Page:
Right now, I’m sitting at the desk in a hotel room somewhere in a distant land (I do that a lot), sulking about a mediocre evaluation I just received on a recent presentation (fortunately, that doesn’t often happen – the sulking or the mediocre evaluation), and I’m reconsidering what I could have done to make that session better.
The sulk is because I personally evaluate every session within a few hours so it is fresh, and again within a few days and I really thought that I zinged em’.
In fact, I also gauge some of my personal evaluations based on how many verbal thank-you’s I receive right after I speak, how many emails I get within 24 hours, and how many thank-you notes I receive within a week. This particular session was higher than average in all of those categories.
The one thing I did notice that day was a group of women that came in late, sat toward the back, appeared to be already unhappy, and never changed their appearance throughout the day. Much of the time, they carried on side conversations and just looked like they woke up sucking on dill pickles.
For this event, there were just a small number of participant evaluations completed, so I’m hoping that these women were responsible for the much lower than usual score. You know how that goes…….if you’re unhappy, make sure you tell everyone but the actual person that could correct the problem, because heaven forbid you might have a confrontation!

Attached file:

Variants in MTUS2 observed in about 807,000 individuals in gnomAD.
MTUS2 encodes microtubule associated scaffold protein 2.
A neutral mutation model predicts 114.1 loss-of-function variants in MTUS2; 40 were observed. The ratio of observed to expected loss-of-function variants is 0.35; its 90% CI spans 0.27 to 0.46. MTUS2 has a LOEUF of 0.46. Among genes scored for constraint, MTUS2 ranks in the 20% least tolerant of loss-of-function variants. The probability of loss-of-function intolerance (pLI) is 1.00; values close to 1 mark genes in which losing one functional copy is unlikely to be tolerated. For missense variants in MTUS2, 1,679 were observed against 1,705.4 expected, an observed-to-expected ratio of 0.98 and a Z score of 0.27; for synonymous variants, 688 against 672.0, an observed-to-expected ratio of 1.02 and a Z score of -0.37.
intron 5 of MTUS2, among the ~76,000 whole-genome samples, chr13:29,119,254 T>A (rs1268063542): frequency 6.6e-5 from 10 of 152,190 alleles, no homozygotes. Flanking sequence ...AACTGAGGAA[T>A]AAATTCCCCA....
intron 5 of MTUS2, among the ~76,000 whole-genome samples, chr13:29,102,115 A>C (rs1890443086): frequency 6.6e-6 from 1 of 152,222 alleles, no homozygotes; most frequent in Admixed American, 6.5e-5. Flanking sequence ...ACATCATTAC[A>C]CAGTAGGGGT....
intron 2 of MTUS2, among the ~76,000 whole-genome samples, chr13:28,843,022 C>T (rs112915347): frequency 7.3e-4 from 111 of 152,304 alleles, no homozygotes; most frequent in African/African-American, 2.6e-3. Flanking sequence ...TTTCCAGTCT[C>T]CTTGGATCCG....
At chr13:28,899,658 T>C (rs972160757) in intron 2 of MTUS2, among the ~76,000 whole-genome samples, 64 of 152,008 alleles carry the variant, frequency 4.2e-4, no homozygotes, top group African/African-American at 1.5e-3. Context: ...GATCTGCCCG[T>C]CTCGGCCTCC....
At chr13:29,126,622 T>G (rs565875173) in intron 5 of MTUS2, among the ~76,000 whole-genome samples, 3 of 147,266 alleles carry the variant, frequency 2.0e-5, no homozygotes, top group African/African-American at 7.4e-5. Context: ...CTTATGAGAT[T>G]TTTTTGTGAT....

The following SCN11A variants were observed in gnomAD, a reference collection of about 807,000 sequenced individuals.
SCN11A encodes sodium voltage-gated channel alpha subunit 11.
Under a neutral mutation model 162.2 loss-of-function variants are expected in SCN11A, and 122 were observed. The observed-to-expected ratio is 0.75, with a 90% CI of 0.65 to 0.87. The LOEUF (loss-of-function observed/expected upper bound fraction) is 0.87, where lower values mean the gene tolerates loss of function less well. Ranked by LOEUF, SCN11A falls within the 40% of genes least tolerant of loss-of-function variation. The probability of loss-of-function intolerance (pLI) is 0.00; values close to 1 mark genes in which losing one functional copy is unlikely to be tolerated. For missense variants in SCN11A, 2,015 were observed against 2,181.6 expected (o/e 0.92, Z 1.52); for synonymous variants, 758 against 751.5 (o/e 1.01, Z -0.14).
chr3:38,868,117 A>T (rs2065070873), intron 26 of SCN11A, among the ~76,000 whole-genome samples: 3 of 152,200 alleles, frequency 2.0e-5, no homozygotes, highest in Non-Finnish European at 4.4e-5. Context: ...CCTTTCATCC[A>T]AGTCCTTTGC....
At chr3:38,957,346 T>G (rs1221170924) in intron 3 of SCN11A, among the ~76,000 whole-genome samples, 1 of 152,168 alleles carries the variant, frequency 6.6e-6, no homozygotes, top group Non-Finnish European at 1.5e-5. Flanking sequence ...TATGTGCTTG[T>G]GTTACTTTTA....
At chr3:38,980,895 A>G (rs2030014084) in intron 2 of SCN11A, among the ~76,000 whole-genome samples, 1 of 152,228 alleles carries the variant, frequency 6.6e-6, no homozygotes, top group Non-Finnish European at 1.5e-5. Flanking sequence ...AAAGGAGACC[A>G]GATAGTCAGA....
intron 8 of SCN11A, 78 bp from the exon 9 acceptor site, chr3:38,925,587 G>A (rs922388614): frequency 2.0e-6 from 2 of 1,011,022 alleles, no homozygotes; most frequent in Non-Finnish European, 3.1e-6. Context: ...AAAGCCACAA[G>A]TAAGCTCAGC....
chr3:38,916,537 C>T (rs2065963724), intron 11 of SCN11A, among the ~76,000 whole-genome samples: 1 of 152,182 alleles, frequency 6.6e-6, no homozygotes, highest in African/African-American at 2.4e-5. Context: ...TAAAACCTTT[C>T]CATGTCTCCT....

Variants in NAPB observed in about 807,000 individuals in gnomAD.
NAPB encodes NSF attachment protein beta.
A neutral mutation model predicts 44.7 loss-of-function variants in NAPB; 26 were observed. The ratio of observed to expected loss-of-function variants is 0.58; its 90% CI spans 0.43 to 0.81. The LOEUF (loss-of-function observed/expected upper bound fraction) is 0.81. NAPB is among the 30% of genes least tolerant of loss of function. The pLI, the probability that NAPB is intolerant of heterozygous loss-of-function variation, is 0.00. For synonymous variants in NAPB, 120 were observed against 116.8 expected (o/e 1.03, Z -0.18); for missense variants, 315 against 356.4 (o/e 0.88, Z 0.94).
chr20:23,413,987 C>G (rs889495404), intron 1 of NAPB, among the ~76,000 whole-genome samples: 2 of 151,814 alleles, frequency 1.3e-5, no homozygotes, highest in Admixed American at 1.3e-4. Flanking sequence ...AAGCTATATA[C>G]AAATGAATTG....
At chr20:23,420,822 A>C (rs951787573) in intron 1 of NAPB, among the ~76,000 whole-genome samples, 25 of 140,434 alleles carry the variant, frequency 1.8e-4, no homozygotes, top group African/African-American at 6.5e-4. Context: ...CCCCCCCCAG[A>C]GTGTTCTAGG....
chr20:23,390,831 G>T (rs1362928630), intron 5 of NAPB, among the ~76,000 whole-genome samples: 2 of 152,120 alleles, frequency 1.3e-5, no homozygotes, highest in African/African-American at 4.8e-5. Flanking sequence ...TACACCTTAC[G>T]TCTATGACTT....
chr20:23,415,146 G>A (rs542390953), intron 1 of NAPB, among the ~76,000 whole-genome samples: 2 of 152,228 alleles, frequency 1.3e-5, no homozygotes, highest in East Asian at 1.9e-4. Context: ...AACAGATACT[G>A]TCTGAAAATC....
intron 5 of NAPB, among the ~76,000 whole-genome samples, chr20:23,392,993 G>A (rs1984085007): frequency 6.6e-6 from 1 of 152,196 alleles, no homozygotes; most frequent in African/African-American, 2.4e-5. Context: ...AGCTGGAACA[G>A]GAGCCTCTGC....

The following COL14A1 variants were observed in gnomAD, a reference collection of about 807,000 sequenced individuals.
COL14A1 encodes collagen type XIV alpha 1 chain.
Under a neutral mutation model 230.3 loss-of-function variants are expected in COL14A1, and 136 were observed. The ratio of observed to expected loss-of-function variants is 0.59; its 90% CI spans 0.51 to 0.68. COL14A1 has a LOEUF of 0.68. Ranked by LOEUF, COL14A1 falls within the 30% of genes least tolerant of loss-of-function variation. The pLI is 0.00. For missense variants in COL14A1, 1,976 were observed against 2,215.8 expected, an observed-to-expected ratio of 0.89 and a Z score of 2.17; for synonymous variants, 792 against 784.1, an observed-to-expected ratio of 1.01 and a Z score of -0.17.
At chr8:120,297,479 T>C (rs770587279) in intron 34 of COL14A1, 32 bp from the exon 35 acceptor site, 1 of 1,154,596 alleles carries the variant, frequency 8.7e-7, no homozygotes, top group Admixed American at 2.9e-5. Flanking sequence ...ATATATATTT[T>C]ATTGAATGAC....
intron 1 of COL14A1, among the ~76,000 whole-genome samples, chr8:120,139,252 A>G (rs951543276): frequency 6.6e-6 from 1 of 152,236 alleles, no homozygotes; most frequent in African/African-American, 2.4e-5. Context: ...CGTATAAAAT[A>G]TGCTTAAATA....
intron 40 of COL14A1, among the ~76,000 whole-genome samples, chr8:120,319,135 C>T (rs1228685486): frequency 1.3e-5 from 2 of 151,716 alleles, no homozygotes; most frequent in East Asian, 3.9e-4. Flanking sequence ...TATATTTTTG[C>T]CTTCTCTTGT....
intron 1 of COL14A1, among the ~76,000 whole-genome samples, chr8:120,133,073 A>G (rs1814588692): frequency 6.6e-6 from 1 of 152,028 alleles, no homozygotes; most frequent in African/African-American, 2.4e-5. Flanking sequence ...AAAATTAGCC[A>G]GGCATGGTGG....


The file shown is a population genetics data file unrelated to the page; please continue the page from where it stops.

Anyway, there’s a point to my madness! Some things you just can’t control, and most often it is someone else’s response or reaction. You can although, control your own ABC’s.
A – Attitude – No one can upset or offend you unless you allow it to be so. I’ve heard it said that Attitude Determines Altitude.
B – Behavior – You get to decide how you will react to EVERY situation. Remember to make your family and especially your mama proud.
C – Commitment – You get to write your own legacy. What do you want to be remembered for? What is your “WHY” and do you choose live it every day?
I’ll get over my disappointment by morning and I realize that in order to really appreciate the perfect days, we have to have some bad ones to compare.